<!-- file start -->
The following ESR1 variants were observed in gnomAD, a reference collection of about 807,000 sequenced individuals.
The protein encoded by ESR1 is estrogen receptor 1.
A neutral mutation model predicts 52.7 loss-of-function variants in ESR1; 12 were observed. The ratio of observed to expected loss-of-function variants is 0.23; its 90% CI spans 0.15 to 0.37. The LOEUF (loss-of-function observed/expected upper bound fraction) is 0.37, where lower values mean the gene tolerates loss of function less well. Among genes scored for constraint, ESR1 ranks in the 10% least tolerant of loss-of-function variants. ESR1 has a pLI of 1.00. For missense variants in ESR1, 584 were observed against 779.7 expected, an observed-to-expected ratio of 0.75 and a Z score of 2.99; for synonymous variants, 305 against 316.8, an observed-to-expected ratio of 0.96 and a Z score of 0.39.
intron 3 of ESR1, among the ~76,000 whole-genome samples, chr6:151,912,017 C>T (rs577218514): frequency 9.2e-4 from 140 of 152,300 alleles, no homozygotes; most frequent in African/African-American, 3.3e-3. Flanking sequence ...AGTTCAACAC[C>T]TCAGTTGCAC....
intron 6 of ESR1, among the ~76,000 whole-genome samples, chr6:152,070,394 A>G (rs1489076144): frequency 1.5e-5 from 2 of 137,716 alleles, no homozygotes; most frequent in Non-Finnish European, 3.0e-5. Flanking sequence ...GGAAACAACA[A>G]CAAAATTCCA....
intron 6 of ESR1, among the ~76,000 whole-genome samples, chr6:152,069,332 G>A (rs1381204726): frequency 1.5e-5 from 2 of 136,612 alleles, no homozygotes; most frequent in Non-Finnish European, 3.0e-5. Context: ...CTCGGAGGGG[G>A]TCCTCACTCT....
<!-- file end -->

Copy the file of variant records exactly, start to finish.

The following ESR1 variants were observed in gnomAD, a reference collection of about 807,000 sequenced individuals.
The protein encoded by ESR1 is estrogen receptor 1.
A neutral mutation model predicts 52.7 loss-of-function variants in ESR1; 12 were observed. The ratio of observed to expected loss-of-function variants is 0.23; its 90% CI spans 0.15 to 0.37. The LOEUF (loss-of-function observed/expected upper bound fraction) is 0.37, where lower values mean the gene tolerates loss of function less well. Among genes scored for constraint, ESR1 ranks in the 10% least tolerant of loss-of-function variants. ESR1 has a pLI of 1.00. For missense variants in ESR1, 584 were observed against 779.7 expected, an observed-to-expected ratio of 0.75 and a Z score of 2.99; for synonymous variants, 305 against 316.8, an observed-to-expected ratio of 0.96 and a Z score of 0.39.
intron 3 of ESR1, among the ~76,000 whole-genome samples, chr6:151,912,017 C>T (rs577218514): frequency 9.2e-4 from 140 of 152,300 alleles, no homozygotes; most frequent in African/African-American, 3.3e-3. Flanking sequence ...AGTTCAACAC[C>T]TCAGTTGCAC....
intron 6 of ESR1, among the ~76,000 whole-genome samples, chr6:152,070,394 A>G (rs1489076144): frequency 1.5e-5 from 2 of 137,716 alleles, no homozygotes; most frequent in Non-Finnish European, 3.0e-5. Flanking sequence ...GGAAACAACA[A>G]CAAAATTCCA....
intron 6 of ESR1, among the ~76,000 whole-genome samples, chr6:152,069,332 G>A (rs1381204726): frequency 1.5e-5 from 2 of 136,612 alleles, no homozygotes; most frequent in Non-Finnish European, 3.0e-5. Context: ...CTCGGAGGGG[G>A]TCCTCACTCT....